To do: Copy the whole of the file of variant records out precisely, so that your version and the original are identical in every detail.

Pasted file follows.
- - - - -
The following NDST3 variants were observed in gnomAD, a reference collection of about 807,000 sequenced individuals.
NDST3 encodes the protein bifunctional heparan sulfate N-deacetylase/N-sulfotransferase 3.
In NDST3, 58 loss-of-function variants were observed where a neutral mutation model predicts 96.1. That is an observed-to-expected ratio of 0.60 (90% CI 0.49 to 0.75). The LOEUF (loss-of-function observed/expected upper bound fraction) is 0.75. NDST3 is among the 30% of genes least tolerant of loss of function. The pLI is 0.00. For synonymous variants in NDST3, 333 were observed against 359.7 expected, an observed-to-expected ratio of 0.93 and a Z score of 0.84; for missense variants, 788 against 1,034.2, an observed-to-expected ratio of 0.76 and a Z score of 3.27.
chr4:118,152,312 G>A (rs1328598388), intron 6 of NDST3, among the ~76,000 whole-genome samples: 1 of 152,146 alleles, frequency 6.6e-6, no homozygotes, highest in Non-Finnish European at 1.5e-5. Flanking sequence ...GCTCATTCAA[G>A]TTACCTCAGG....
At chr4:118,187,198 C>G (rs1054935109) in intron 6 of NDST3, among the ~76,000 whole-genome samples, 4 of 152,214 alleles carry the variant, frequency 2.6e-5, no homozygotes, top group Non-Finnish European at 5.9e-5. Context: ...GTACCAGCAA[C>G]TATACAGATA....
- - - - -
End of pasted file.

The following NDST3 variants were observed in gnomAD, a reference collection of about 807,000 sequenced individuals.
NDST3 encodes the protein bifunctional heparan sulfate N-deacetylase/N-sulfotransferase 3.
In NDST3, 58 loss-of-function variants were observed where a neutral mutation model predicts 96.1. That is an observed-to-expected ratio of 0.60 (90% CI 0.49 to 0.75). The LOEUF (loss-of-function observed/expected upper bound fraction) is 0.75. NDST3 is among the 30% of genes least tolerant of loss of function. The pLI is 0.00. For synonymous variants in NDST3, 333 were observed against 359.7 expected, an observed-to-expected ratio of 0.93 and a Z score of 0.84; for missense variants, 788 against 1,034.2, an observed-to-expected ratio of 0.76 and a Z score of 3.27.
chr4:118,152,312 G>A (rs1328598388), intron 6 of NDST3, among the ~76,000 whole-genome samples: 1 of 152,146 alleles, frequency 6.6e-6, no homozygotes, highest in Non-Finnish European at 1.5e-5. Flanking sequence ...GCTCATTCAA[G>A]TTACCTCAGG....
At chr4:118,187,198 C>G (rs1054935109) in intron 6 of NDST3, among the ~76,000 whole-genome samples, 4 of 152,214 alleles carry the variant, frequency 2.6e-5, no homozygotes, top group Non-Finnish European at 5.9e-5. Context: ...GTACCAGCAA[C>G]TATACAGATA....